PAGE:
Sadly, those who deny this fact are almost always addicted to sugar themselves without admitting it. It’s sad because in their denial, they subconsciously pass on their addiction to their children. For those who think refined sugar does not adversely affect them health-wise, my intention is to make them aware enough so they may at least save their children from sugar addiction. In short: if not them, their children.
To cite an example as to how sugar encroaches its way into our homes and wins over our children, the article Sugar, Sweet Suicide claims, “With only 16 calories per teaspoon, what's the harm in a little sugar? Problem is, we can't get enough of the stuff. In a world where soft drinks and processed foods have become dietary staples in lieu of fresh fruit and vegetables, fiber-rich grains, and pure water, people are swallowing an average of 4l teaspoons (or 201 grams) of sugar daily, 31 teaspoons more than the maximum amount recommended by the United States Department of Agriculture (USDA). Over time, that adds up to a whopping 162 pounds per person per year. And when you consider that part of the population eats far less or no sugar at all—diabetics or babies, for instance—that figure further soars. Thanks to their love affair with soft drinks, many children are at the higher end of this scale, consuming an additional 21 teaspoons of sugar daily.”
Next Wednesday, I’ll cite more instances as to how sugar affects our minds and bodies. I will also write about other resources in my battle to overcome my sugar addiction.
Until then, to borrow from Crosby, Stills, Nash & Young, “love the one you’re with.”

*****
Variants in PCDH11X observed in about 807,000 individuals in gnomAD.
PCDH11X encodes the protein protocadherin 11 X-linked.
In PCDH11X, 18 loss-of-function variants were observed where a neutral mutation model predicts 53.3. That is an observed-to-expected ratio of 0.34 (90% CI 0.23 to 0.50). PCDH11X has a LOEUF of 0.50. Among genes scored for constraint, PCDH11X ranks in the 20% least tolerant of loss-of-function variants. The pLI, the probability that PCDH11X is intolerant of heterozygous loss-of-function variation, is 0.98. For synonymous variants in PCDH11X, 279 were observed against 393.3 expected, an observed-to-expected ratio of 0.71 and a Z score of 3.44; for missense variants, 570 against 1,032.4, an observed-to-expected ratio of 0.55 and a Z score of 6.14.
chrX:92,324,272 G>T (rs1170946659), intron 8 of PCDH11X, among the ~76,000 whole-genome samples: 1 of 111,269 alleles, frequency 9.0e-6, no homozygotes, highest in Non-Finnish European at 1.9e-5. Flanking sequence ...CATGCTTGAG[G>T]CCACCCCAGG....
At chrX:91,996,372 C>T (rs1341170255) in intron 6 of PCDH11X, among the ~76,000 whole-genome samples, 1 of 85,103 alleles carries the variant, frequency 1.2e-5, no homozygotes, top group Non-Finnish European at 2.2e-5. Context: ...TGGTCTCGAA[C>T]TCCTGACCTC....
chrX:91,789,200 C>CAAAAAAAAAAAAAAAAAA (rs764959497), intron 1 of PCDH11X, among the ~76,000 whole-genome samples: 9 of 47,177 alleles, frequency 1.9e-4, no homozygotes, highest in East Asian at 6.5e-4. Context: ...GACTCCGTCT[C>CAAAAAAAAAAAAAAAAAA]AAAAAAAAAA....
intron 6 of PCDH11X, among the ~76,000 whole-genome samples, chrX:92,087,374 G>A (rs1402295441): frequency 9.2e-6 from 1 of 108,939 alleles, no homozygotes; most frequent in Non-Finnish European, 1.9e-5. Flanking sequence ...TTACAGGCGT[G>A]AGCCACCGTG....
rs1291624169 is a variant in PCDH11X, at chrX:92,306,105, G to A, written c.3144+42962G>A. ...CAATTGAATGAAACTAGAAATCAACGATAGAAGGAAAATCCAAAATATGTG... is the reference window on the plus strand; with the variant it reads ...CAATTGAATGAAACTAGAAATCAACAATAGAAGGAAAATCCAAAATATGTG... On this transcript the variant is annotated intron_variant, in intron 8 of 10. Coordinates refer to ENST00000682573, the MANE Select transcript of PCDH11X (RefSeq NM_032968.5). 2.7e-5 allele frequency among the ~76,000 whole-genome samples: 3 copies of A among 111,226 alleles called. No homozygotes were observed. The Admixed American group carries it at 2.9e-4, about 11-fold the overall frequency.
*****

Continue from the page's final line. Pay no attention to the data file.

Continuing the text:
Advice for Parents with Overweight Kids
A major lifestyle change means deciding as a family that everyone changes
The Big Picture - Why Pinoys Are Fatter Than Ever
By Vinia M. Datinguinoo - Philippine Center for Investigative Journalism
The Politics of Sugar
NAFTA, GATT and SUGAR
Sugar, Sweet Suicide
Townsend Letter for Doctors and Patients
The Addictive Personality: Take the Test,
Disorders by Enneagram Type
Labels: health issues
posted by Señor Enrique at 4:34 AM
Enrique, I know of no one who does not like sweets. I have my compulsions: 3 bars of Baby Ruth in one sitting. Thankfully this only happens once every 3 or 4 weeks. Interestingly enough it seems to come with regularity. I allow myself this small pleasure and don't think much about it.
BTW, massages are great. You should have them regularly.
- Señor Enrique said...
Aha! Did you say, come with regularity, my friend? :)
Mine is way beyond; indeed, an addiction. I was once successful in licking my nicotine dependency, and I am optimistic I will do away with this one as well. I guess if I b#t*h about it often enough it'll pack up and leave me for good.
Yes, I have requested a regular appointment. Massage can be healing.
Hey, Noel, any new photos???
(Thanks for the mention,too!)
Yup, there is one, Enrique. It was raining hard w/ strong winds in New York yesterday, the 22nd, and my DSL service was down so I couldn't post anything.
Tomorrow is Thanksgiving day here. We know what that means - sweets to go with that wonderfull Turkey.
Happy Thanksgiving Day!
- Señor Enrique said...
I hope the rain had stopped. Nothing worse than a wet parade.
More on the turkey and less on the ... on second thought, will there be pumpkin and apple pies? Oh, how I miss them. How about those Entemann apple strudels? Or how about the cinnamon buns at Macy's bake shop in the cellar? Connolis from Little Italy? Cheesecake from Junior's in downtown Brooklyn? How about the creme burle at Dean & Deluca down in Broadway and Prince? Enough! Aaaaargh! This is sheer torture!